Private organizations commit $40 million toward effort to end homelessness in Anchorage
The unprecedented commitment from Premera Blue Cross Blue Shield of Alaska, Providence Health and Services Alaska, Rasmuson Foundation, and Weidner Apartment Homes was only possible because of the state’s action earlier this year to invest in programs and services that help people end the cycle of homelessness, according to one of the leaders behind the new investment.
Diane Kaplan, president and CEO of Rasmuson, said in a press release, “We are in this together with our public and nonprofit partners, who already are running shelters, working with street youth and sending teams into homeless camps. We still need government dollars but on top of that we can provide new funding streams to create a path out of homelessness for everyone. After a challenging summer, we now have a stable base of state funding for the coming year. These private investments wouldn’t be possible without it.”
While the Alaska House Majority and most state lawmakers continuously supported a budget that protects grants for service providers and other funding essential to fighting homelessness, the Dunleavy Administration initially vetoed millions of dollars in funding. The Legislature then included a provision in the capital budget to restore funding, and the governor eventually allowed a partial restoration.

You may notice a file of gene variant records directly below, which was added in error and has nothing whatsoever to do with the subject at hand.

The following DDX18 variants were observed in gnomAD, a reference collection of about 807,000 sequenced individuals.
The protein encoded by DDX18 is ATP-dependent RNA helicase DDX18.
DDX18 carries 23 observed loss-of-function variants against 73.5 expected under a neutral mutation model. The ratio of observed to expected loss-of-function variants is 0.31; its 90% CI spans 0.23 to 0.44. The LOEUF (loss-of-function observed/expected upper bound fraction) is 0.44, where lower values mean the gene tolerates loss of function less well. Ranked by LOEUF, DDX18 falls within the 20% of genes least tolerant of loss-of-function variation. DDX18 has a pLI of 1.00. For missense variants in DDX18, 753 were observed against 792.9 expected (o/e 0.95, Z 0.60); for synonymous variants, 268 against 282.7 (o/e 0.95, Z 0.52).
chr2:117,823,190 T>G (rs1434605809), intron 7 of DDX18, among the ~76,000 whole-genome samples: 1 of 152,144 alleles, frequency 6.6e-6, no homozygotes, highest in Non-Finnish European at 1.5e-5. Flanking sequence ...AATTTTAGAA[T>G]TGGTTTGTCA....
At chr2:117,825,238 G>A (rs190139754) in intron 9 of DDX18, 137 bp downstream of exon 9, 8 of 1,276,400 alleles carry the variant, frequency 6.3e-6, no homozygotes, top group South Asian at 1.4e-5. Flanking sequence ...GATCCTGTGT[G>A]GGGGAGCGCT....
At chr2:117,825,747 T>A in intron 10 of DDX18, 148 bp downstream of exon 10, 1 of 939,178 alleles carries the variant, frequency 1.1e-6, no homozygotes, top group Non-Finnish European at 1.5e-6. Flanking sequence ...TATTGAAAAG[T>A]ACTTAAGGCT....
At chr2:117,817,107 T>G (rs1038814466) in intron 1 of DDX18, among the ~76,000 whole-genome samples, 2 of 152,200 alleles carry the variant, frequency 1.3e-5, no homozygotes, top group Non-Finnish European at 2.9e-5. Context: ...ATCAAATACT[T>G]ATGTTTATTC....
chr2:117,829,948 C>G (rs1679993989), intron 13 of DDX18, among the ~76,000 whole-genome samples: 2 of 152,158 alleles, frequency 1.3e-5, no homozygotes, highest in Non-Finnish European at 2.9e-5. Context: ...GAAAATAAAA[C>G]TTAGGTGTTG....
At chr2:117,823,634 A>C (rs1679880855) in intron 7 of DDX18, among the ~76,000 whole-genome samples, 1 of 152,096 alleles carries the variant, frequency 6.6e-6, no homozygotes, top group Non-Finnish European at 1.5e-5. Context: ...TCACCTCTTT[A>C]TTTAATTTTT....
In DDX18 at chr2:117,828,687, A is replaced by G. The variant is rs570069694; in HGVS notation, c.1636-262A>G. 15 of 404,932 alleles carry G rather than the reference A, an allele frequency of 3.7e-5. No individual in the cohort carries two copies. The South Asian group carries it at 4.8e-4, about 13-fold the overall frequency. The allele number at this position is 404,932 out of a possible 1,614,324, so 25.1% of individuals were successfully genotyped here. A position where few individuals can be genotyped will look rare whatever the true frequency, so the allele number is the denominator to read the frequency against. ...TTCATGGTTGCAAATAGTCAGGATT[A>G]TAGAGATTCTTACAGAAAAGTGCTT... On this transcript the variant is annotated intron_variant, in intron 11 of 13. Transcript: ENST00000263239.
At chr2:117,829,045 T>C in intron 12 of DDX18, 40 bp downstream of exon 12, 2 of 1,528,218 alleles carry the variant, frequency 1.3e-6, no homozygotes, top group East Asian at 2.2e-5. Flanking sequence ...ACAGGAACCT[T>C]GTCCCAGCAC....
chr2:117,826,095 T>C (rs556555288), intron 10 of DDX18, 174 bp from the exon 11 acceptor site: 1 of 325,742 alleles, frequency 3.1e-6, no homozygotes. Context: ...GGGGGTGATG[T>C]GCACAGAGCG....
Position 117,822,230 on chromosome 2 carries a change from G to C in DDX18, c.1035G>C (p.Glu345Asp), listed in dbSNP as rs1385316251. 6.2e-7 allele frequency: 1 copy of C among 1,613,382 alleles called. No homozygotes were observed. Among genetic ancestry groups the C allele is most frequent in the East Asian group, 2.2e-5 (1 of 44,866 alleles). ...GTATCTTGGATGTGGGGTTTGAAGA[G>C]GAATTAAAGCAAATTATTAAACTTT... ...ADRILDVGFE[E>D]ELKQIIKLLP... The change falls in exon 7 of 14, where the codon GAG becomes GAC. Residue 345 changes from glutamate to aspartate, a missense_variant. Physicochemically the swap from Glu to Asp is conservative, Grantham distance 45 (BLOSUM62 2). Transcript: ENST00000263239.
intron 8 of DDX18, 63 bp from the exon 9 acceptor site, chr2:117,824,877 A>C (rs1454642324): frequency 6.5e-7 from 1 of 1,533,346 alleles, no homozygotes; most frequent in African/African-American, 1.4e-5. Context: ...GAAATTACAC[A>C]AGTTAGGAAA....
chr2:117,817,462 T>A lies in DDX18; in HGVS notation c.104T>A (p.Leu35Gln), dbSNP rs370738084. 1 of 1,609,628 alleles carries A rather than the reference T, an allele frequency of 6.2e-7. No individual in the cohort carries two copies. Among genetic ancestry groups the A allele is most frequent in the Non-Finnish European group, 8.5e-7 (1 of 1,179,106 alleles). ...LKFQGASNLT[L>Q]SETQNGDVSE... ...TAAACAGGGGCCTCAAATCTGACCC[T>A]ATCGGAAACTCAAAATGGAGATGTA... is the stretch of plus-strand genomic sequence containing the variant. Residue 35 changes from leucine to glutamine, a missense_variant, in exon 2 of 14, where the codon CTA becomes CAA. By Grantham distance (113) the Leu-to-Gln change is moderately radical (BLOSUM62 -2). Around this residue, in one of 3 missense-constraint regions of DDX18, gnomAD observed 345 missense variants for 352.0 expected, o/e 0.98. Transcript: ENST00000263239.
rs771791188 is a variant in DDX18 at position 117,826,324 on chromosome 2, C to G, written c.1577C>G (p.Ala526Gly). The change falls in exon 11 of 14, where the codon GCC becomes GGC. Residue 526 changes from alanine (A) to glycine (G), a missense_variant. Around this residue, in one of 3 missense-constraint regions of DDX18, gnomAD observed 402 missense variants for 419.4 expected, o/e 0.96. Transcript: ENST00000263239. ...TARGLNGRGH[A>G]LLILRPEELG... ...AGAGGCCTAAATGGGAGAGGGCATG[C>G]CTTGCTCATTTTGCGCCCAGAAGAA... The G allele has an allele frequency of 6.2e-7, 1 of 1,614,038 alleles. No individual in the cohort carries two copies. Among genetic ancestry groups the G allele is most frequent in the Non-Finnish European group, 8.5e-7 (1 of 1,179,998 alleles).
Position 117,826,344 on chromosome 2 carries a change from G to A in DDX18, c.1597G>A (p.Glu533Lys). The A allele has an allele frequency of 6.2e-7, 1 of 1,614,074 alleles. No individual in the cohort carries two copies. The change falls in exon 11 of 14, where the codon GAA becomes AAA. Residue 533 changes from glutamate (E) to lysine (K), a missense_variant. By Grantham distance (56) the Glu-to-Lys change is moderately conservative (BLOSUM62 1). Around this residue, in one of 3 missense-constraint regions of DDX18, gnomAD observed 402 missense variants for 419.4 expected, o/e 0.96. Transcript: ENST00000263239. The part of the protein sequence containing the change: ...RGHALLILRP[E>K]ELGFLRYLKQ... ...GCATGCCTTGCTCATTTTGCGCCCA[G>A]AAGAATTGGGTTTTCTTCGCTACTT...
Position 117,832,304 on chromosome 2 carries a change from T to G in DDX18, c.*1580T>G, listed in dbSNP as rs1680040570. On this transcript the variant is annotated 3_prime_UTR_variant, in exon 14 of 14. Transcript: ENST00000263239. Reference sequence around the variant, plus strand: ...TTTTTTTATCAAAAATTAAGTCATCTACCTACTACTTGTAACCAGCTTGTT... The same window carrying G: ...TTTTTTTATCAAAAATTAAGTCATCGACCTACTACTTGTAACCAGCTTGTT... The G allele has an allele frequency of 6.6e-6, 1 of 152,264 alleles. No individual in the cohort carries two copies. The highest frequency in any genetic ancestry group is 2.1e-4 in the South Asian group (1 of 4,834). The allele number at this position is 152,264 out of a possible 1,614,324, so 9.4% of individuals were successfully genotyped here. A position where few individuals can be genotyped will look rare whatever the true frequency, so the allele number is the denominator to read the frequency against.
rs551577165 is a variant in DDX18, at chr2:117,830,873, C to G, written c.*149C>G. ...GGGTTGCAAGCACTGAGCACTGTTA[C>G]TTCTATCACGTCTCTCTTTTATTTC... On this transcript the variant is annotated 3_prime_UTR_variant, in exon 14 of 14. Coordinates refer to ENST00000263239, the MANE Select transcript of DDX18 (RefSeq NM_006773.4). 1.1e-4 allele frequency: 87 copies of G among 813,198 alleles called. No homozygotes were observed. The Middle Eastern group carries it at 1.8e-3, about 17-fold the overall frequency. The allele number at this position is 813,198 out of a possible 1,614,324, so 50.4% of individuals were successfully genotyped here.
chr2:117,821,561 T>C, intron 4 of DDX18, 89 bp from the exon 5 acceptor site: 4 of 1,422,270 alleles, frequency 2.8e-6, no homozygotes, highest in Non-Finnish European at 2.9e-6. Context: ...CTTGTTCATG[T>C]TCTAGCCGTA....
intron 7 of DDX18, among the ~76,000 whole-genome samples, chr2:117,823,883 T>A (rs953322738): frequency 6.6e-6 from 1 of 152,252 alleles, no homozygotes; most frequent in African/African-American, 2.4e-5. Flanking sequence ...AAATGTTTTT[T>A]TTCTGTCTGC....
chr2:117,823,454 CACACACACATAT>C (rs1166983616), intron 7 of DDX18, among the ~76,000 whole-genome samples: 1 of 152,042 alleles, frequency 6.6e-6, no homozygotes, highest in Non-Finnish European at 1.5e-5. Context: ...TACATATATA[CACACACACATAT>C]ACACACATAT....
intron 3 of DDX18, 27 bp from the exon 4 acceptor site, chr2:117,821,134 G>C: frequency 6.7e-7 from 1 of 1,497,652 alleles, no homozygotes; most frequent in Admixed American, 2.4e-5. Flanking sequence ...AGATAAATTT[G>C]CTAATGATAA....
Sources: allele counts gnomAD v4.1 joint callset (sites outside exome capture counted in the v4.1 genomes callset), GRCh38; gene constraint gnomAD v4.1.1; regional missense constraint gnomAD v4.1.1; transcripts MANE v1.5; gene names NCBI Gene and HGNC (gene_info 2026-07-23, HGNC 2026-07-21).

“Business leaders, health professionals, and most elected officials recognize the dire need to invest in programs that will end the cycle of homelessness,” said Rep. Ivy Spohnholz (D-Anchorage). “Cooperation among all stakeholders, along with stable and consistent state funding for efforts to address homelessness, is the only way to make lasting changes. This is a welcome and significant step in that direction.”
“The State of Alaska must always do its part to make sure we invest in programs and services that will address the public health crisis Anchorage is facing,” said Rep. Zack Fields (D-Anchorage). “The House Majority is committed to making that happen.”
“In my area, many families live on the edge, and on any given day in Anchorage, 1,100 people have no place to call home. This is a trend we can reverse by working together. Not only will we improve the lives of many people who are struggling, we’ll save money, increase public safety, and boost economic productivity,” said Rep. Geran Tarr (D-Anchorage).
Communications Director, Alaska House Majority